This release was issued under a previous government.
The Open Educational Resources Initiative is a long-term strategy to help reduce, over time, the costs students face for a post-secondary education. By reviewing and recommending how to integrate open educational resources at post-secondary institutions, this initiative will encourage flexibility and access for all Alberta learners.
“Student groups and leaders have been clear this is an important issue for them; we’ve heard them and are pleased to be responding with this initiative. Government is committed to ensuring affordability of post-secondary education and we recognize the opportunities provided by open educational resources to reduce costs for students.”
Open educational resources include textbooks, modules, multi-media educational materials, and lesson plans. These materials are offered freely and openly without an accompanying need to pay copyright realities or licence fees.
Support for open educational resources was one of the themes listed in the report Ignite: Ideas for Post-Secondary Education written by the Alberta Students’ Executive Council, the Council of Alberta University Students and the Alberta Graduate Council.
"After tuition and fees, the price of textbooks is one of the highest costs facing students looking to obtain a post-secondary education in Alberta. This innovative initiative has the opportunity to assist students by lowering the costs associated with obtaining their degree or credential as well as encourage professors to broaden the classroom learning experience for students."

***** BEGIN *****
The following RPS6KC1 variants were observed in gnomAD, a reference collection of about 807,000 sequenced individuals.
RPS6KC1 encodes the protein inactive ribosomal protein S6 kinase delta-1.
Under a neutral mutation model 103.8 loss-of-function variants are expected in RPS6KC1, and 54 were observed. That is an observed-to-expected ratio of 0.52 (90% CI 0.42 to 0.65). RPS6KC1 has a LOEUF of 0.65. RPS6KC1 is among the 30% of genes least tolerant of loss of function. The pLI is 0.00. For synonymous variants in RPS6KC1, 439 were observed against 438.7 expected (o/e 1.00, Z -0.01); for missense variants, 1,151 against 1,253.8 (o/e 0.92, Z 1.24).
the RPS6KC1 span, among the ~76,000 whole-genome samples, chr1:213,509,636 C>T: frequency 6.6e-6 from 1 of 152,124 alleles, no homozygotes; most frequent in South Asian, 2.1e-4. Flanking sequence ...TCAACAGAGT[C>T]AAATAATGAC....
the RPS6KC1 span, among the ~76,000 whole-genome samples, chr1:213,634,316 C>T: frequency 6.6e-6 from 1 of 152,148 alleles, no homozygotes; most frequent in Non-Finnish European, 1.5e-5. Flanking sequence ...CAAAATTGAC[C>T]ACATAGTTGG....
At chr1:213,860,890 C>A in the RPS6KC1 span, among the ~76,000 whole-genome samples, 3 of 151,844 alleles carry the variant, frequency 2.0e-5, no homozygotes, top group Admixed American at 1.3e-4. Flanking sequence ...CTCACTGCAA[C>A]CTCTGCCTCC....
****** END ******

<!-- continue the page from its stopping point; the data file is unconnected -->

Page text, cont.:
It is estimated the average student in Alberta spends between $1,000-$1,700 per-year on textbooks, depending on their area of study and course load. Over a four-year degree this cost can equal $4,000-$6,800.
“Open educational resources have incredible potential to improve access to, and affordability of, post-secondary education. Digital resources are redefining teaching and are crucial to extending educational opportunities to all Albertans regardless of region or background. Eliminating costly material textbooks could save post-secondary students money and improve access for all of Alberta’s learners.”
This initiative will be guided by a committee of experts including faculty, students, senior academic officers and other experts who deal with open educational resources. The committee will review proposals from across Campus Alberta on how best to use open educational resources.
The committee will be co-chaired by Dr. Jason Dewling, vice-president academic and research from Olds College and Dr. Rory McGreal, a professor at Athabasca University and an international expert in open educational resources. Dr. McGreal is the current United Nations Educational, Scientific and Cultural Organization (UNESCO) and Commonwealth of Learning chair in open educational resources.
"Open educational resources provide students and teachers with the flexibility they need, offering updated, relevant content for learning. Freely available online, they open up a limitless supply of quality educational content from sources around the world exposing students to various international perspectives. The world is now online and it is important that our students and teachers take full advantage of the free educational opportunities the Internet offers."
At a recent meeting of the New West Partnership, western premiers agreed to a memorandum of understanding among Alberta, British Columbia and Saskatchewan, on open educational resources.
This will allow the three provinces to work together, share material and reduce duplication. By pooling resources, this work will realize that commitment and will benefit the greatest number of students possible.
Innovation and Advanced Education has provided $2 million to fund the initiative in Alberta.
Under the Building Alberta Plan, our government is investing in families and communities, living within our means, and opening new markets for Alberta's resources to ensure we're able to fund the services Albertans told us matter most to them. We will continue to deliver the responsible change Albertans voted for.